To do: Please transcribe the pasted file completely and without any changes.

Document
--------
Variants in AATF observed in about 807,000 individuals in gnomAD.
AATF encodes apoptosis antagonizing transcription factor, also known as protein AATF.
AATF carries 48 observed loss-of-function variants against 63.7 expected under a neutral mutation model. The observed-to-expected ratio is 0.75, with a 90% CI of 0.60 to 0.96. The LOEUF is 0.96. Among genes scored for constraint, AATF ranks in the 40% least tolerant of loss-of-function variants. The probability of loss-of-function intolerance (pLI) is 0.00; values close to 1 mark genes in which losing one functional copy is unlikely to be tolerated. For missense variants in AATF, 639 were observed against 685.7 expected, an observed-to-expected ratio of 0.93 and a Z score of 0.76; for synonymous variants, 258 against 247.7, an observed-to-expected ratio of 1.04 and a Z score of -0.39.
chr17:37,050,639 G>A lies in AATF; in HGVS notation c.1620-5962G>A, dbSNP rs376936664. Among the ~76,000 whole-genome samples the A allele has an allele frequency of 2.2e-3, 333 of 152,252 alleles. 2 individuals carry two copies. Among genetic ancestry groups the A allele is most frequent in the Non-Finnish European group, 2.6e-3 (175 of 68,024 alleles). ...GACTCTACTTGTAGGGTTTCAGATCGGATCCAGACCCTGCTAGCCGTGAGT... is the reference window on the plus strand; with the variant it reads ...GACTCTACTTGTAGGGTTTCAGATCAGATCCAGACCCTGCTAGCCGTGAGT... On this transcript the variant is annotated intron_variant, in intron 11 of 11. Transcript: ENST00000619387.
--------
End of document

Variants in AATF observed in about 807,000 individuals in gnomAD.
AATF encodes apoptosis antagonizing transcription factor, also known as protein AATF.
AATF carries 48 observed loss-of-function variants against 63.7 expected under a neutral mutation model. The observed-to-expected ratio is 0.75, with a 90% CI of 0.60 to 0.96. The LOEUF is 0.96. Among genes scored for constraint, AATF ranks in the 40% least tolerant of loss-of-function variants. The probability of loss-of-function intolerance (pLI) is 0.00; values close to 1 mark genes in which losing one functional copy is unlikely to be tolerated. For missense variants in AATF, 639 were observed against 685.7 expected, an observed-to-expected ratio of 0.93 and a Z score of 0.76; for synonymous variants, 258 against 247.7, an observed-to-expected ratio of 1.04 and a Z score of -0.39.
chr17:37,050,639 G>A lies in AATF; in HGVS notation c.1620-5962G>A, dbSNP rs376936664. Among the ~76,000 whole-genome samples the A allele has an allele frequency of 2.2e-3, 333 of 152,252 alleles. 2 individuals carry two copies. Among genetic ancestry groups the A allele is most frequent in the Non-Finnish European group, 2.6e-3 (175 of 68,024 alleles). ...GACTCTACTTGTAGGGTTTCAGATCGGATCCAGACCCTGCTAGCCGTGAGT... is the reference window on the plus strand; with the variant it reads ...GACTCTACTTGTAGGGTTTCAGATCAGATCCAGACCCTGCTAGCCGTGAGT... On this transcript the variant is annotated intron_variant, in intron 11 of 11. Transcript: ENST00000619387.